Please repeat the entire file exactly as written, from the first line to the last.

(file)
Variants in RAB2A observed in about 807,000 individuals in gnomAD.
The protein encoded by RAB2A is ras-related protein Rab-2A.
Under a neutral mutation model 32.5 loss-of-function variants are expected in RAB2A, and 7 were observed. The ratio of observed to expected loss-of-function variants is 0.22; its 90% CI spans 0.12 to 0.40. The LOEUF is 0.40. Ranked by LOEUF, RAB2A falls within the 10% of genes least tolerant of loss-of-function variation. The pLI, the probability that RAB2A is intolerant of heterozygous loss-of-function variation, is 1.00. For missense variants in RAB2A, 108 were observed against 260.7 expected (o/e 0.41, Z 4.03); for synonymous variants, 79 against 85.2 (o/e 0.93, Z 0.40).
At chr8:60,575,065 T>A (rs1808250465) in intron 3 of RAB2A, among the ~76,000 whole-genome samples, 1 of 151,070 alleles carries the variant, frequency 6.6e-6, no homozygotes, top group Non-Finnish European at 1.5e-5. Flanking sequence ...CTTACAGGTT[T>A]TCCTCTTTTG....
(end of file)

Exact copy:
Variants in RAB2A observed in about 807,000 individuals in gnomAD.
The protein encoded by RAB2A is ras-related protein Rab-2A.
Under a neutral mutation model 32.5 loss-of-function variants are expected in RAB2A, and 7 were observed. The ratio of observed to expected loss-of-function variants is 0.22; its 90% CI spans 0.12 to 0.40. The LOEUF is 0.40. Ranked by LOEUF, RAB2A falls within the 10% of genes least tolerant of loss-of-function variation. The pLI, the probability that RAB2A is intolerant of heterozygous loss-of-function variation, is 1.00. For missense variants in RAB2A, 108 were observed against 260.7 expected (o/e 0.41, Z 4.03); for synonymous variants, 79 against 85.2 (o/e 0.93, Z 0.40).
At chr8:60,575,065 T>A (rs1808250465) in intron 3 of RAB2A, among the ~76,000 whole-genome samples, 1 of 151,070 alleles carries the variant, frequency 6.6e-6, no homozygotes, top group Non-Finnish European at 1.5e-5. Flanking sequence ...CTTACAGGTT[T>A]TCCTCTTTTG....